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After two Madison Police officers and a third subject emerged from an abandoned warehouse “suffering” from inexplicable redness and burning sensations during an Oct. 13 training exercise, law enforcement officers knew they would need some additional expertise.

Enter the Wisconsin National Guard’s 54th Civil Support Team (CST), the state’s full-time response team for emergencies or terrorist events that involve weapons of mass destruction, toxic industrial chemicals or natural disasters.

The CST is available to incident commanders statewide 24 hours a day, 365 days a year to offer additional skills, equipment and expertise in the event of a scenario like the training exercise that unfolded Oct. 13 in Madison, Wisconsin.

sm161013-Z-YL554-197.jpgThankfully, the 22 Soldiers and Airmen of the 54th CST regularly prepare and train alongside fire departments and law enforcement agencies around the state to be ready to serve as the state’s first military responder.

Adding to the complexity of the situation was the threat of an active shooter, which required the response of Madison’s SWAT team.

Capt. Vic Wahl, who runs the Madison Police Department’s West District and commands the SWAT team, said the exercise was designed to test all facets of a response in a realistic scenario, including a response to an unknown substance.

“There are a lot of different problems that we might be called on to fix in the city of Madison, and there’s capabilities that we don’t have to resolve some of those things,” Wahl said. “The 54th has expertise, training, equipment and knowledge that we just don’t have, so it’s important for us to be able to have relationships with the unit…”

The CST’s Sgt. 1st Class Matthew Tracy, who helped plan the exercise, said that building those relationships with the unit’s civilian counterparts is a critical component of the regular exercises the CST conducts.

sm161013-Z-YL554-176.jpgAnd why are those pre-existing relationships so important?

“So that Madison feels comfortable if they have a question revolving around chemicals or maybe in the future, radiological or biological hazards, maybe they would call us,” Tracy said.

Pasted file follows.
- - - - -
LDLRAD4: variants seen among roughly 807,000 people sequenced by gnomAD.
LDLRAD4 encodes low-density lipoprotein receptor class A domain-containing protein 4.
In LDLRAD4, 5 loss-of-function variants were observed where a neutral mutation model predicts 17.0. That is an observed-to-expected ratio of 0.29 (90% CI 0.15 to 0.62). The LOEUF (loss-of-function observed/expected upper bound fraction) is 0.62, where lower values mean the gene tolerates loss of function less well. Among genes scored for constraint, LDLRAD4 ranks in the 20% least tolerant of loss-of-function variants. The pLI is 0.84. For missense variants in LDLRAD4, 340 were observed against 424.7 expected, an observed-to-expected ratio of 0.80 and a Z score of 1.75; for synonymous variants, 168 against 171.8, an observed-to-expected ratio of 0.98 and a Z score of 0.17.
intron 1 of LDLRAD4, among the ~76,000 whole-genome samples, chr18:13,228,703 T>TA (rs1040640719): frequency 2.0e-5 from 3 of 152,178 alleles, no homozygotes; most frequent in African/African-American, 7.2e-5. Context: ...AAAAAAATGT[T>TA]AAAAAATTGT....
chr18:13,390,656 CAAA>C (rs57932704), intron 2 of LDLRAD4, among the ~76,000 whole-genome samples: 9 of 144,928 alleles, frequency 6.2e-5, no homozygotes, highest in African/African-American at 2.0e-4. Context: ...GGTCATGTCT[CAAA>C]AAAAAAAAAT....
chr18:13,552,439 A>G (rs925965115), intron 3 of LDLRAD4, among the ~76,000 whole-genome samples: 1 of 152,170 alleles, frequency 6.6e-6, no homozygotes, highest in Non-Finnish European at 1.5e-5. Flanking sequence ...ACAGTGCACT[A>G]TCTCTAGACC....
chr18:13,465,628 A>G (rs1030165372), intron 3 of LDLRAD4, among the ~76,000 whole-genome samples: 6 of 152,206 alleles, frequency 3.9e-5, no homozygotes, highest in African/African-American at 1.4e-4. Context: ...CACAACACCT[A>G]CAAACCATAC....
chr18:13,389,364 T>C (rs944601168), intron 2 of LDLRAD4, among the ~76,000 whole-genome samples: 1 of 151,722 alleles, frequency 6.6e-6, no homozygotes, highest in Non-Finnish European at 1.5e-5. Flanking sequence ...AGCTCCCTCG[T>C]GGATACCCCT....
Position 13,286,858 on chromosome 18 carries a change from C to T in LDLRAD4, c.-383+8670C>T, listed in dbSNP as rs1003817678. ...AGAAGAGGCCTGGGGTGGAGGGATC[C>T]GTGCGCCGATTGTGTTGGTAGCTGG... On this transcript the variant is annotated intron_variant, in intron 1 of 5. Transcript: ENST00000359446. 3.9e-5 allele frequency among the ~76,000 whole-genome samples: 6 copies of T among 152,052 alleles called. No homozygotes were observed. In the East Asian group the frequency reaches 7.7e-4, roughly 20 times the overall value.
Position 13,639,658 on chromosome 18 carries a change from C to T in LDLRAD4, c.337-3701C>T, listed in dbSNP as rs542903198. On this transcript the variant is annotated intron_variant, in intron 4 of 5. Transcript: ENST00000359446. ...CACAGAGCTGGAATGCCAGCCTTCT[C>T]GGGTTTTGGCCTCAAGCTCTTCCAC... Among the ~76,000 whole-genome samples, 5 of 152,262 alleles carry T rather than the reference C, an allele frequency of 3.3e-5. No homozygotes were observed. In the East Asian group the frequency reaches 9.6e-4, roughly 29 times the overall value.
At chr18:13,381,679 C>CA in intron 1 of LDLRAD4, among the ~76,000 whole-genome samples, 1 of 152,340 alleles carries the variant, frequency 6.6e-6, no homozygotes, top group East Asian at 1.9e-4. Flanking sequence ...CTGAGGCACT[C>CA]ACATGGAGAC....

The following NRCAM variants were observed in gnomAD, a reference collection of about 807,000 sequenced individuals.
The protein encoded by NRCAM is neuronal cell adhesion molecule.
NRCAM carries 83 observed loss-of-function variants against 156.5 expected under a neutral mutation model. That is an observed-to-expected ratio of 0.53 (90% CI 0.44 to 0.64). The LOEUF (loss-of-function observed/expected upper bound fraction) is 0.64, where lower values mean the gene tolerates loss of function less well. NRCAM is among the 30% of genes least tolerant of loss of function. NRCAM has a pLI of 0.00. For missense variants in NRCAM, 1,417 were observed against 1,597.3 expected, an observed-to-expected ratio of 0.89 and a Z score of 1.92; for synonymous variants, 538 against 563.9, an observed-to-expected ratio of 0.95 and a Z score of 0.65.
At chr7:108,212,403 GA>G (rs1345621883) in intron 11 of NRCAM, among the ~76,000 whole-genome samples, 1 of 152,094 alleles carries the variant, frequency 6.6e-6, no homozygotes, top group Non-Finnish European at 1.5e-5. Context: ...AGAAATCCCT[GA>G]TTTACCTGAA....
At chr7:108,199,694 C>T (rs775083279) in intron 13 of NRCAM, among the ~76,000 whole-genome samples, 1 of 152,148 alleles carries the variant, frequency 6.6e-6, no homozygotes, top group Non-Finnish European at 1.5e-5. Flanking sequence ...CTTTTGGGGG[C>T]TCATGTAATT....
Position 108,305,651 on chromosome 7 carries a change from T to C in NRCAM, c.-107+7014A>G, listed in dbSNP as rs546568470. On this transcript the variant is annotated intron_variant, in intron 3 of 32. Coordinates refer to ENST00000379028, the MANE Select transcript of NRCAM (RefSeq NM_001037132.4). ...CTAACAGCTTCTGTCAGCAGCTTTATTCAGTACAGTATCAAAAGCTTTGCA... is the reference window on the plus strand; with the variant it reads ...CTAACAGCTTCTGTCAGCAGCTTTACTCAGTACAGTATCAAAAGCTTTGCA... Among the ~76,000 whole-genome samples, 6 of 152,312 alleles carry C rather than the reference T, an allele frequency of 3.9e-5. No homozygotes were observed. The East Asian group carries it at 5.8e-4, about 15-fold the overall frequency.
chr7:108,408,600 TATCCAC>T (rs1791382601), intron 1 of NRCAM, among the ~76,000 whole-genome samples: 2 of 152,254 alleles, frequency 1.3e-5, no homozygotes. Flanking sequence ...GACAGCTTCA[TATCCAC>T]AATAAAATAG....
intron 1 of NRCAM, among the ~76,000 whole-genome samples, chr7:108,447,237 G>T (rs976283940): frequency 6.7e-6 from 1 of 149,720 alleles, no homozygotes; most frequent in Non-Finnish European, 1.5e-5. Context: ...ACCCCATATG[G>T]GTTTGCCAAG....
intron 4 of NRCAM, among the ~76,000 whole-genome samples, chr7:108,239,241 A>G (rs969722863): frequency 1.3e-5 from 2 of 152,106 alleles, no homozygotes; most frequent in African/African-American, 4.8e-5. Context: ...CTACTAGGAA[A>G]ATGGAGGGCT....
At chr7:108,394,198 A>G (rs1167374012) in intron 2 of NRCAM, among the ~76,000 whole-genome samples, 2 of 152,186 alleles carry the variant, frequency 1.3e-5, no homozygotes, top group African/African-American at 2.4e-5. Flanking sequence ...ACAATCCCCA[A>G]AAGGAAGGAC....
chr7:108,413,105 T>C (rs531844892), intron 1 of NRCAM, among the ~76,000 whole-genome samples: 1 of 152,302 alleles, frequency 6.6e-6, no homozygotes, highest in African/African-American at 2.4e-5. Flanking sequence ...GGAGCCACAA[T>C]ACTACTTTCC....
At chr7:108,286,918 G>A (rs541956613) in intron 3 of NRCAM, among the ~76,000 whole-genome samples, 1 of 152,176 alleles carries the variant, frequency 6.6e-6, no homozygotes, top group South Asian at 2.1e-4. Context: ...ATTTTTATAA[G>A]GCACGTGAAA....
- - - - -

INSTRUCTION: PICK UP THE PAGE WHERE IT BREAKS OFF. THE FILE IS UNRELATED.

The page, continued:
“The value is always that we train first, so when it comes time that something really happens, there’s familiarity here,” he said later. “There’s a common phrase that ‘you don’t want to be exchanging business cards on the day it really happens.’ So a lot of this is pre-coordination. The big thing is to build that muscle memory with our civilian responders.”

In the training scenario, the Madison Police Department requested CST assistance to help determine what threat the unknown substance posed to its SWAT teams and the community as a whole after finding lab equipment inside the abandoned warehouse. The exercise forced the CST to accomplish its mission within the context of an ongoing active shooter scenario inside the building.

Ultimately the CST sent environmental monitoring equipment into the warehouse aboard a Madison Police Department robot. Eventually, members of the CST’s survey team entered the building to gather more information for the unit’s science officer to analyze in its mobile lab. The unit’s mobile lab is one of the key capabilities it has available for incident commanders when first responders cannot determine the nature of the threats posed by unknown substances.

1st Lt. Charlotte Koshick, the CST’s science officer, analyzes those substances in the lab and explained that the unit can conduct chemical analysis of bacteria, toxins, viruses and more on-site.

“We can give incident commanders and first responders a lot of information they can use,” she said. “No other first responders are going to have the ability to do the analysis that we can do in a mobile lab. We’re very fast, and we can actually come and bring the lab to the site, so we can instantly start the process and really integrate in with the different agencies.”

Tracy said the CST was thankful for the opportunity the Madison Police Department provided to train for the unique scenario they faced.

“We always try to work with our local guys as much as possible,” he said of working with Madison’s SWAT team. “We don’t want to just work with fire. We don’t want to just work with the bomb squad. We want to mix it up.”

Training with different components from different agencies is critical, he said, to ensuring the CST is ready when needed.

“If you look at the state of Wisconsin, to include citizens and first responders, the civilian community at large, our number one responsibility is to keep them safe,” he added. “So this just moves us into that direction and gets us working with the people that we will have to support.”

The exercise in Madison was one of many that the 54th CST conducts over the course of the year to ensure it is ready to serve the people of Wisconsin when needed. The call will inevitably come. According to Lt. Col. Eric Leckel, the unit’s commander, the CST conducted more than 100 missions last year, more than half of which were standby missions are major events. But a handful were actual responses where law enforcement agencies requested the CST’s support, illustrating the importance of remaining always ready, and always there.